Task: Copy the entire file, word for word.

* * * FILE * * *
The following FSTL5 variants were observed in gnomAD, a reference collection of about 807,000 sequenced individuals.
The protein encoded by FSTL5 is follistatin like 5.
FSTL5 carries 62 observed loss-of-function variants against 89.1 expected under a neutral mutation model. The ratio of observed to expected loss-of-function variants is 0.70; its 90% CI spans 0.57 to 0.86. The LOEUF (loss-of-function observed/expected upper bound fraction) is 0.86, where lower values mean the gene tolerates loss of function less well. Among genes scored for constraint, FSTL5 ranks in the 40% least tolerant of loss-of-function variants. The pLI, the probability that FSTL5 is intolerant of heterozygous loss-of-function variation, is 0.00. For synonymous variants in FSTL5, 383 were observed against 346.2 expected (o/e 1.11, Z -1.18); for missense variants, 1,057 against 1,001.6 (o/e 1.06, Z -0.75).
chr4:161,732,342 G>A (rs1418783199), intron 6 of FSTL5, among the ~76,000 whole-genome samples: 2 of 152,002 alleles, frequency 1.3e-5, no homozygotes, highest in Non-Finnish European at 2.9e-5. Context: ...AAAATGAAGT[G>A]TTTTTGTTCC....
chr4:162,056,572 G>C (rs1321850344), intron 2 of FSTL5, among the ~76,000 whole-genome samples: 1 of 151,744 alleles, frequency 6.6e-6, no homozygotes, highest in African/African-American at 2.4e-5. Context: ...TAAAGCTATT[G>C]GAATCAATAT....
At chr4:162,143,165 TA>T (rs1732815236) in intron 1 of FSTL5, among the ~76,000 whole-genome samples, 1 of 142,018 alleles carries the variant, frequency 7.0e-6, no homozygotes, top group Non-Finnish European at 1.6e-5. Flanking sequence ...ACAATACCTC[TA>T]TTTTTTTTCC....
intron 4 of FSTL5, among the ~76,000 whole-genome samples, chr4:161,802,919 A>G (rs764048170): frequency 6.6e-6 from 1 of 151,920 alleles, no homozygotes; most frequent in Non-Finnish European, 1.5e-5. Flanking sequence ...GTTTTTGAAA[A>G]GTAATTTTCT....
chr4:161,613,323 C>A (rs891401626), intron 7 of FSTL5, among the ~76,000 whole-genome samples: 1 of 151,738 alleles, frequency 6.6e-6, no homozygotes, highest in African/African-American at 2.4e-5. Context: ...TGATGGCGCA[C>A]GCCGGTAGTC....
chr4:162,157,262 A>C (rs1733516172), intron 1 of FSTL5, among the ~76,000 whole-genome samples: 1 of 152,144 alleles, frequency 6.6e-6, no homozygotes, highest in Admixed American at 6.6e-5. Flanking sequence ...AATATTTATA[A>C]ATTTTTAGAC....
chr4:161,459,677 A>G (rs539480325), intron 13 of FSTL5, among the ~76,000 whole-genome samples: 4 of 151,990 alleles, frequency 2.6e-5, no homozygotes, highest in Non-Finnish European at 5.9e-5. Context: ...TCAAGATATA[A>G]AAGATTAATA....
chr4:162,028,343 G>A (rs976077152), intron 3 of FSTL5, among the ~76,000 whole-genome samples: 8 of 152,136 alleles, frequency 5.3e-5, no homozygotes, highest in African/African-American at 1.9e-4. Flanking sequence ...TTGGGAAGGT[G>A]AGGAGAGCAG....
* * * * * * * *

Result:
The following FSTL5 variants were observed in gnomAD, a reference collection of about 807,000 sequenced individuals.
The protein encoded by FSTL5 is follistatin like 5.
FSTL5 carries 62 observed loss-of-function variants against 89.1 expected under a neutral mutation model. The ratio of observed to expected loss-of-function variants is 0.70; its 90% CI spans 0.57 to 0.86. The LOEUF (loss-of-function observed/expected upper bound fraction) is 0.86, where lower values mean the gene tolerates loss of function less well. Among genes scored for constraint, FSTL5 ranks in the 40% least tolerant of loss-of-function variants. The pLI, the probability that FSTL5 is intolerant of heterozygous loss-of-function variation, is 0.00. For synonymous variants in FSTL5, 383 were observed against 346.2 expected (o/e 1.11, Z -1.18); for missense variants, 1,057 against 1,001.6 (o/e 1.06, Z -0.75).
chr4:161,732,342 G>A (rs1418783199), intron 6 of FSTL5, among the ~76,000 whole-genome samples: 2 of 152,002 alleles, frequency 1.3e-5, no homozygotes, highest in Non-Finnish European at 2.9e-5. Context: ...AAAATGAAGT[G>A]TTTTTGTTCC....
chr4:162,056,572 G>C (rs1321850344), intron 2 of FSTL5, among the ~76,000 whole-genome samples: 1 of 151,744 alleles, frequency 6.6e-6, no homozygotes, highest in African/African-American at 2.4e-5. Context: ...TAAAGCTATT[G>C]GAATCAATAT....
At chr4:162,143,165 TA>T (rs1732815236) in intron 1 of FSTL5, among the ~76,000 whole-genome samples, 1 of 142,018 alleles carries the variant, frequency 7.0e-6, no homozygotes, top group Non-Finnish European at 1.6e-5. Flanking sequence ...ACAATACCTC[TA>T]TTTTTTTTCC....
intron 4 of FSTL5, among the ~76,000 whole-genome samples, chr4:161,802,919 A>G (rs764048170): frequency 6.6e-6 from 1 of 151,920 alleles, no homozygotes; most frequent in Non-Finnish European, 1.5e-5. Flanking sequence ...GTTTTTGAAA[A>G]GTAATTTTCT....
chr4:161,613,323 C>A (rs891401626), intron 7 of FSTL5, among the ~76,000 whole-genome samples: 1 of 151,738 alleles, frequency 6.6e-6, no homozygotes, highest in African/African-American at 2.4e-5. Context: ...TGATGGCGCA[C>A]GCCGGTAGTC....
chr4:162,157,262 A>C (rs1733516172), intron 1 of FSTL5, among the ~76,000 whole-genome samples: 1 of 152,144 alleles, frequency 6.6e-6, no homozygotes, highest in Admixed American at 6.6e-5. Flanking sequence ...AATATTTATA[A>C]ATTTTTAGAC....
chr4:161,459,677 A>G (rs539480325), intron 13 of FSTL5, among the ~76,000 whole-genome samples: 4 of 151,990 alleles, frequency 2.6e-5, no homozygotes, highest in Non-Finnish European at 5.9e-5. Context: ...TCAAGATATA[A>G]AAGATTAATA....
chr4:162,028,343 G>A (rs976077152), intron 3 of FSTL5, among the ~76,000 whole-genome samples: 8 of 152,136 alleles, frequency 5.3e-5, no homozygotes, highest in African/African-American at 1.9e-4. Flanking sequence ...TTGGGAAGGT[G>A]AGGAGAGCAG....